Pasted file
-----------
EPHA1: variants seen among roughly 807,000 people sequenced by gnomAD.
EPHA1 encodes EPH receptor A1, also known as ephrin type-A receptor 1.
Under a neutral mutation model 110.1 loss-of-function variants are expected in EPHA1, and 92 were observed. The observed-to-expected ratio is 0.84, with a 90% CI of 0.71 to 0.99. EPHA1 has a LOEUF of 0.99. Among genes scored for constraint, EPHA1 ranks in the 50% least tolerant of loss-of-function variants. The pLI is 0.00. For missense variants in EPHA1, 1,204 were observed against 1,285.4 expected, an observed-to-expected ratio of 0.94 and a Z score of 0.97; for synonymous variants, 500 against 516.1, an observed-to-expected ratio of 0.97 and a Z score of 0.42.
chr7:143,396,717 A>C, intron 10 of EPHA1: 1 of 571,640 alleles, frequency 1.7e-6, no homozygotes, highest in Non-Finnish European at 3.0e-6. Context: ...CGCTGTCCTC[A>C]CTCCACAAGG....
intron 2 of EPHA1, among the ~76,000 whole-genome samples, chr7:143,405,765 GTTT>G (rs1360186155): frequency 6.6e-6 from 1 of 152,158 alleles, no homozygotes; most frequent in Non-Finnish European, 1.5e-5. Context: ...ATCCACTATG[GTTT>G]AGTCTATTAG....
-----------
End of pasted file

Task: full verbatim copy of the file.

EPHA1: variants seen among roughly 807,000 people sequenced by gnomAD.
EPHA1 encodes EPH receptor A1, also known as ephrin type-A receptor 1.
Under a neutral mutation model 110.1 loss-of-function variants are expected in EPHA1, and 92 were observed. The observed-to-expected ratio is 0.84, with a 90% CI of 0.71 to 0.99. EPHA1 has a LOEUF of 0.99. Among genes scored for constraint, EPHA1 ranks in the 50% least tolerant of loss-of-function variants. The pLI is 0.00. For missense variants in EPHA1, 1,204 were observed against 1,285.4 expected, an observed-to-expected ratio of 0.94 and a Z score of 0.97; for synonymous variants, 500 against 516.1, an observed-to-expected ratio of 0.97 and a Z score of 0.42.
chr7:143,396,717 A>C, intron 10 of EPHA1: 1 of 571,640 alleles, frequency 1.7e-6, no homozygotes, highest in Non-Finnish European at 3.0e-6. Context: ...CGCTGTCCTC[A>C]CTCCACAAGG....
intron 2 of EPHA1, among the ~76,000 whole-genome samples, chr7:143,405,765 GTTT>G (rs1360186155): frequency 6.6e-6 from 1 of 152,158 alleles, no homozygotes; most frequent in Non-Finnish European, 1.5e-5. Context: ...ATCCACTATG[GTTT>G]AGTCTATTAG....